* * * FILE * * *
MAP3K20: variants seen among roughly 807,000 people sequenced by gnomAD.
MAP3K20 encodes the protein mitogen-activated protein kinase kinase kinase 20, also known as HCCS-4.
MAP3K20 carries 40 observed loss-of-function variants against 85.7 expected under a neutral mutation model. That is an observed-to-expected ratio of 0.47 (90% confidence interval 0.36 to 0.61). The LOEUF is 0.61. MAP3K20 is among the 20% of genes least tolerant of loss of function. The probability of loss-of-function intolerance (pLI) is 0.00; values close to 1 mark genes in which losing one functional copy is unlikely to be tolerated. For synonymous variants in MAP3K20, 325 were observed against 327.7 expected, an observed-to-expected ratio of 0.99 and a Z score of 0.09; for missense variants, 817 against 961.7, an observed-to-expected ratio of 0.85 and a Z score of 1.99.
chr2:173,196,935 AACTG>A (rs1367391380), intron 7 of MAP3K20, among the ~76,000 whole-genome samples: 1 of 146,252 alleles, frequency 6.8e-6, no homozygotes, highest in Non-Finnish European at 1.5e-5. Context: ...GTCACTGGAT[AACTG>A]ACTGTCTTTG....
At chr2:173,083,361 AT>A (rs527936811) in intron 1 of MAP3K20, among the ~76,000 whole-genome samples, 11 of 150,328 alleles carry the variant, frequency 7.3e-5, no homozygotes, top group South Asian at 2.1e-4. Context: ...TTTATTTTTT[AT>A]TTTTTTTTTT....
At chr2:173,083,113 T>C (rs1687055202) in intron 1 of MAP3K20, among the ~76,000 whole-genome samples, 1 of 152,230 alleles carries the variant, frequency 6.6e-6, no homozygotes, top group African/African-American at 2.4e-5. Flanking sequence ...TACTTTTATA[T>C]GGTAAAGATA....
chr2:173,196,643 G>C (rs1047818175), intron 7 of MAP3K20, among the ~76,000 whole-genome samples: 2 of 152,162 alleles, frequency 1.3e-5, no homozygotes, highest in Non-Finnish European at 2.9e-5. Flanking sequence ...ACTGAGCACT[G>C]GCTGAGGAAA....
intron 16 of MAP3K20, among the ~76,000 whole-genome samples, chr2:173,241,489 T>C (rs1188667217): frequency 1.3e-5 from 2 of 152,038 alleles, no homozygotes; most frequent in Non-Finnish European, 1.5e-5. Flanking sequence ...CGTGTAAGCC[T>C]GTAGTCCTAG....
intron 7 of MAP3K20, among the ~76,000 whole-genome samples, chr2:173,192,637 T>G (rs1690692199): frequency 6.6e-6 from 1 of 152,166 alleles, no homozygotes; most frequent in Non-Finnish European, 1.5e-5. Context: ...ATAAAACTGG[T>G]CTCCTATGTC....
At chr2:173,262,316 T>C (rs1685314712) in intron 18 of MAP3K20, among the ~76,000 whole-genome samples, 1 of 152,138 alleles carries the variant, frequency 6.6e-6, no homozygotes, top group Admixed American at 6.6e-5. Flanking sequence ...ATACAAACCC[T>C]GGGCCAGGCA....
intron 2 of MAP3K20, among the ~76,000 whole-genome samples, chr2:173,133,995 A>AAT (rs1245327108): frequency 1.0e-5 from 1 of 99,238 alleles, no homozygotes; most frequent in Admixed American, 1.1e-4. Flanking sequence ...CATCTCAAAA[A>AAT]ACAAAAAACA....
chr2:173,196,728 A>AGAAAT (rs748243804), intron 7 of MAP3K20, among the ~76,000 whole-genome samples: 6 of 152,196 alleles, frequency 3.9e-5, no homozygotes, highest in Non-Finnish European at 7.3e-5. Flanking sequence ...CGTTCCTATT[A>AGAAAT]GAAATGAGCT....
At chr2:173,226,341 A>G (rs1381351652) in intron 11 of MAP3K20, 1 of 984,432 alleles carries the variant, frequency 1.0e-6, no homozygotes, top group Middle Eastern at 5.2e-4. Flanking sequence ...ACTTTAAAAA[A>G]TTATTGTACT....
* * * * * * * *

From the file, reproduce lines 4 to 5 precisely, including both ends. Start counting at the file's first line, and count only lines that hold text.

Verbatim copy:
chr2:173,196,935 AACTG>A (rs1367391380), intron 7 of MAP3K20, among the ~76,000 whole-genome samples: 1 of 146,252 alleles, frequency 6.8e-6, no homozygotes, highest in Non-Finnish European at 1.5e-5. Context: ...GTCACTGGAT[AACTG>A]ACTGTCTTTG....
At chr2:173,083,361 AT>A (rs527936811) in intron 1 of MAP3K20, among the ~76,000 whole-genome samples, 11 of 150,328 alleles carry the variant, frequency 7.3e-5, no homozygotes, top group South Asian at 2.1e-4. Context: ...TTTATTTTTT[AT>A]TTTTTTTTTT....